“For investors, the product is nothing.” – Marc Hedlund
If you want to find out how to make an exceptional pitch that’ll win investors, interviews, and dazzle online, read on. The truth is, if you can’t pitch, you won’t survive. It’s something you’ll have to do over and over again. If you’re anything like the rest of the entrepreneurs, you’re using the elevator pitch to ramble on and on about your product. Here’s the thing… nobody cares, not even investors.
All it will do is confuse and overwhelm the listener. If everyone else is doing it that way, how is your pitch going to make a difference?
By standing out.
And how do you do that? By boiling your pitch down to a single concept.
But first things first…
Also known as an elevator statement, an elevator pitch can help in a number of situations, and it’s a great skill to master. It’s useful for interviews, networking events and sales pitches.
Think of it as an executive summary, never longer than two pages. Realistically, it shouldn’t last longer than 30-120 seconds, hence the name ‘elevator pitch’.
Time is precious my friend. Use it in scenarios where you need to summarize your skills, your team or your startup in a short and concise way.
Now down to the nitty gritty….the elevator pitch types
High-concept pitch – A high-concept pitch is a shorter version of an elevator pitch. It tells a story about your company in one sentence, showcasing your idea, and how it’s different from others.
It’s a great way to boil your concept down to one concept, giving investors and fans something to rave about and spread with one simple line. And if you really want to stand out, instead of following the status quo, you want to nail this one.
Here are just some of many high-pitch examples:
• Youtube – Flickr for video
• LinkedIn – Facebook for business
• Dogster – Friendster for dogs
• Slack – Where work happens
Long form pitch – The other kind of pitch lasts anywhere in between 30 seconds to two minutes. Save this one for when you need to go a little more in depth. In a sense, it is a follow-on of the high-concept pitch.
Once you’ve got them hooked with your ‘tag-line’, reel them in with the long form version. It won’t be quite as daunting as shark tank, but you want to make sure you’re not making some big no-nos.
Elevator pitch do – the startup, Blendoor, executed one of the best elevator pitches creating a compelling storyline, and even has the time to fit in her high-concept pitch ‘do for people what Netflix had done for movies’.
She mentions her challenge in the market, target customer, value, business model, and goals. The only downside was that half of the table was for, and the other half against, leaving her without the funds she was searching for.
The pitch was very natural, humble and short. While she doesn’t steal a deal, the pitch shows more than anything that you can’t please everyone, even if your idea is sound.
Elevator pitch don’t – in terms of elevator pitches, you’ve got to make sure that you leave investors intrigued. But if you don’t answer some prime question, you’ll be in trouble.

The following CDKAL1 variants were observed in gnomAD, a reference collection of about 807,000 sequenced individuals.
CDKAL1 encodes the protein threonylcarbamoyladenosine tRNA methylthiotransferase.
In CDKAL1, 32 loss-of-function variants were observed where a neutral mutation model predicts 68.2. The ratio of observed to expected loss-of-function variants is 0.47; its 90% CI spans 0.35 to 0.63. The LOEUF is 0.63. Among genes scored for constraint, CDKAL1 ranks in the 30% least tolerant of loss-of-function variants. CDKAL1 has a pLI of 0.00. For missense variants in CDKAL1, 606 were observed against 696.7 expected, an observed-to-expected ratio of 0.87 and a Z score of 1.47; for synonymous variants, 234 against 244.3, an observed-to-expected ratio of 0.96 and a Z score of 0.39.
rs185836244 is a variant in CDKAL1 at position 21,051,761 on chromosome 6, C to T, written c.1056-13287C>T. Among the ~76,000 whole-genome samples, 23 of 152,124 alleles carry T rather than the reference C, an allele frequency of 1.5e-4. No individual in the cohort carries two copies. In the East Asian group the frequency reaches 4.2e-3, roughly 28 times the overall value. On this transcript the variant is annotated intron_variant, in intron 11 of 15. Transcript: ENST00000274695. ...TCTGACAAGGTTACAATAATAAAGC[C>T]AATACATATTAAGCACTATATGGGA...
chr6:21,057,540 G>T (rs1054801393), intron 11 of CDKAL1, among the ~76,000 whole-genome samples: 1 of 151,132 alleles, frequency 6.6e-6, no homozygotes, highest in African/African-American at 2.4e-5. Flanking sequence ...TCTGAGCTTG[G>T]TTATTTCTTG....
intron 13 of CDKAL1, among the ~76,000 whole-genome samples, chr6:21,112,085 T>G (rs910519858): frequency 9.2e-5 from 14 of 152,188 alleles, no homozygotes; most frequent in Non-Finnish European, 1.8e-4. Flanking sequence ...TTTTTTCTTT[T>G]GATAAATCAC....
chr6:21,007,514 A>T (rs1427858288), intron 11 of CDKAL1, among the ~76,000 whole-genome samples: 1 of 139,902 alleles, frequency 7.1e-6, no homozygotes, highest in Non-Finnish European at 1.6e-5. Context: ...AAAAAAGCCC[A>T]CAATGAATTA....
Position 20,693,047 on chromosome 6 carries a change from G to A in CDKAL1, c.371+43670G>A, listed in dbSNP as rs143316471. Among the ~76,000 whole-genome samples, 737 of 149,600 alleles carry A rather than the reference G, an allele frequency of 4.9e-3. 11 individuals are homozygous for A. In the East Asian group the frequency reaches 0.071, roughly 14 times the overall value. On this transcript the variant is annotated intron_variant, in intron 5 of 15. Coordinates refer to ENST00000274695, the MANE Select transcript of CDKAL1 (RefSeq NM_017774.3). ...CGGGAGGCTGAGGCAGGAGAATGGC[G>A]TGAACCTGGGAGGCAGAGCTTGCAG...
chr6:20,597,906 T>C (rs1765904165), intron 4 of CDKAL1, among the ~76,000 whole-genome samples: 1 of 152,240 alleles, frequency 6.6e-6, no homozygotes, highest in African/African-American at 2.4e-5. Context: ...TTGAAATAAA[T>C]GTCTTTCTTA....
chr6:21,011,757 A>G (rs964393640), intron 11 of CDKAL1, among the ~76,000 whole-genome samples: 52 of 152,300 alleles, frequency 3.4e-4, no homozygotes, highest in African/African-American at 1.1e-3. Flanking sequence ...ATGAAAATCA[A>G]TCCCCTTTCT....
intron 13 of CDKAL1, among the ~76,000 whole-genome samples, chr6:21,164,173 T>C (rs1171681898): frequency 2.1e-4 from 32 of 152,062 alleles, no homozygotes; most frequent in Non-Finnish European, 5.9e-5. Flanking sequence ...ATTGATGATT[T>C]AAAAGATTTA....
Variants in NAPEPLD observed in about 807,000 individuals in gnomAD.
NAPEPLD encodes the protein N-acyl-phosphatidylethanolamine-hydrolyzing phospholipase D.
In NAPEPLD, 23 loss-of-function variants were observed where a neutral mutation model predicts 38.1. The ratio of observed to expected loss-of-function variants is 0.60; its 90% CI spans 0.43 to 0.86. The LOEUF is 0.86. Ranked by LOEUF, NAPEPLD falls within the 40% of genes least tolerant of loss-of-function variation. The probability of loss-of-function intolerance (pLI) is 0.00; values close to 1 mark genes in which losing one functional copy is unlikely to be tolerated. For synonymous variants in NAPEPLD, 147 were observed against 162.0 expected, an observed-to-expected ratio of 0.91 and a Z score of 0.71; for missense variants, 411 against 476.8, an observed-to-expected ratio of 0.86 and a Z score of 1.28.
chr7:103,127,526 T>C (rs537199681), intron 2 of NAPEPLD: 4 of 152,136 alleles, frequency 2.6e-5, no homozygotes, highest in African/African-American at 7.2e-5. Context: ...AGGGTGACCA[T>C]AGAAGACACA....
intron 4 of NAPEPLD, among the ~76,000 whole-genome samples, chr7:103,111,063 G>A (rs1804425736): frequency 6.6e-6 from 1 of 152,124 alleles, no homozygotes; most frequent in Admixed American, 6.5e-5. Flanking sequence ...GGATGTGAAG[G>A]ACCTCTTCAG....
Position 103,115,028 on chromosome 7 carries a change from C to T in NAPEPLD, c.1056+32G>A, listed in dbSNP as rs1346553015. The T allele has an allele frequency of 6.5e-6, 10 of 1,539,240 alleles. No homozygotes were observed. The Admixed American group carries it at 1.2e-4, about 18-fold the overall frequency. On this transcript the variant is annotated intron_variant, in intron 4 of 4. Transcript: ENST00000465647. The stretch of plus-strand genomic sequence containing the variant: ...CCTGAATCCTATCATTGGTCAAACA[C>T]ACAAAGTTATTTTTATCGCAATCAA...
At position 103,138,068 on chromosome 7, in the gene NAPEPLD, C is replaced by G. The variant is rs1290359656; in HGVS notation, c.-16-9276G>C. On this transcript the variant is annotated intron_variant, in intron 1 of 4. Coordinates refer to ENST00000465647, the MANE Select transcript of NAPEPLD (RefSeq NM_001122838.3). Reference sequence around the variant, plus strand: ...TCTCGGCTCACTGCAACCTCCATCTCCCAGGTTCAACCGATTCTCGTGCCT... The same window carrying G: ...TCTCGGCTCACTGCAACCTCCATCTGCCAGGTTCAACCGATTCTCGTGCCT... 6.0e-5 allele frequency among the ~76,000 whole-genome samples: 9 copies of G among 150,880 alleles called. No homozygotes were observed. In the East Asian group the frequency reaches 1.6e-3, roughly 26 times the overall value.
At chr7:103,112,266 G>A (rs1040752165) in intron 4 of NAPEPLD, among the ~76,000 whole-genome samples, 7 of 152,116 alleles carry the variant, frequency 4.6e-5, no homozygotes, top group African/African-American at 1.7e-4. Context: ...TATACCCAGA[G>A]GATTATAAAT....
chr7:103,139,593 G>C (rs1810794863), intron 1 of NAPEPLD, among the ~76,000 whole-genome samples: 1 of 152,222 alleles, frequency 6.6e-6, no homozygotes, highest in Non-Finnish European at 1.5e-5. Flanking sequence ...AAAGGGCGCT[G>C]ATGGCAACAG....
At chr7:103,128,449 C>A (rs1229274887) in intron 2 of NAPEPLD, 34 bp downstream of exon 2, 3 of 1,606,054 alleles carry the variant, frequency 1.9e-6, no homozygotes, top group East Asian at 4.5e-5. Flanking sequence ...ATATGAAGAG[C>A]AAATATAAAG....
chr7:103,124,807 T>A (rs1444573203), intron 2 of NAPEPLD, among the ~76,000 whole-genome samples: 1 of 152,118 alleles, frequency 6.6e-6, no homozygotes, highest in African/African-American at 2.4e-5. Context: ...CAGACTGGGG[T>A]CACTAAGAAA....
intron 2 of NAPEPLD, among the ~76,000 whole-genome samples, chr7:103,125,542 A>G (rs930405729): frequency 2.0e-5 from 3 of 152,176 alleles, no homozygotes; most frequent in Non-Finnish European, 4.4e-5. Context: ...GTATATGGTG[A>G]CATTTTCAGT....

This is a prime example of how not to do an elevator pitch. This startup was missing some key questions.
• How much money do you make?
• What are you asking for in terms of funding and equity?
• How does your product differ from competitors?
But there was a positive note to take from this pitch. Instead of dwelling on their loss, they took on the criticism and moved on.
Elevator pitch takeaways – rather than giving credentials, don’t begin by talking about yourself to show your authority. It’s about the art of giving.
Instead of selling selling selling, you want to share a new way of looking at an idea, and share your knowledge. Show a desire to give. When sharing, it spike’s curiosity increasing trust and cooperation.
When people hear ‘elevator pitch’ they tend to assume it only applies to the pitching of a business idea. This idea has also been popularised with tv shows like dragons den and shark tank.
But elevator pitches can apply to a lot more than a business pitch. You can apply it to an interview, to explain your job, or a new strategic concept to potential investors, your CEO or manager.
Person to person, the structure to follow in an elevator pitch may vary. But in almost every successful elevator pitch, there are four points to hit:
Start by defining your product or service in a short one-liner. Think of the first part of your pitch as the high-concept pitch.
If you can’t summarize your product quickly, it’s too complicated. And if you can’t summarize it with a one-liner, it’s a sure sign that you need to reevaluate your product/service.
Lead into the rest of your elevator pitch by summarizing the basic problem that your product resolves, with a segway into the benefits of your product/service, providing an example of concrete results.
Keep it to a couple sentences. The problem, and the benefits and results of your product/service.
What does your unique product bring to the problem? Explain one or two key features of your product/service.
Every successful startup brings something new to the table. Whether it’s a new unique approach to an age-old problem, a completely new industry in itself, or one that disrupts an already established industry.
The final piece, and the most important. You need to end every elevator pitch with an ask, otherwise, what’s the point?
It’s wise to take this opportunity to say what funding you need.
Keep in mind, the best elevator pitches are:
• Simple, clear and short
• No longer than 30 seconds to two minutes
• Not overly technical with industry jargon
• Humble, enthusiastic and most importantly, authentic to you
• And finally, practiced the hell out of
For a perfect elevator pitch that hits all the spots, follow these six steps. And keep in mind that each step can vary in terms of who you are, and the skills you have, depending on what you’re aiming to talk about, and who you’re talking to.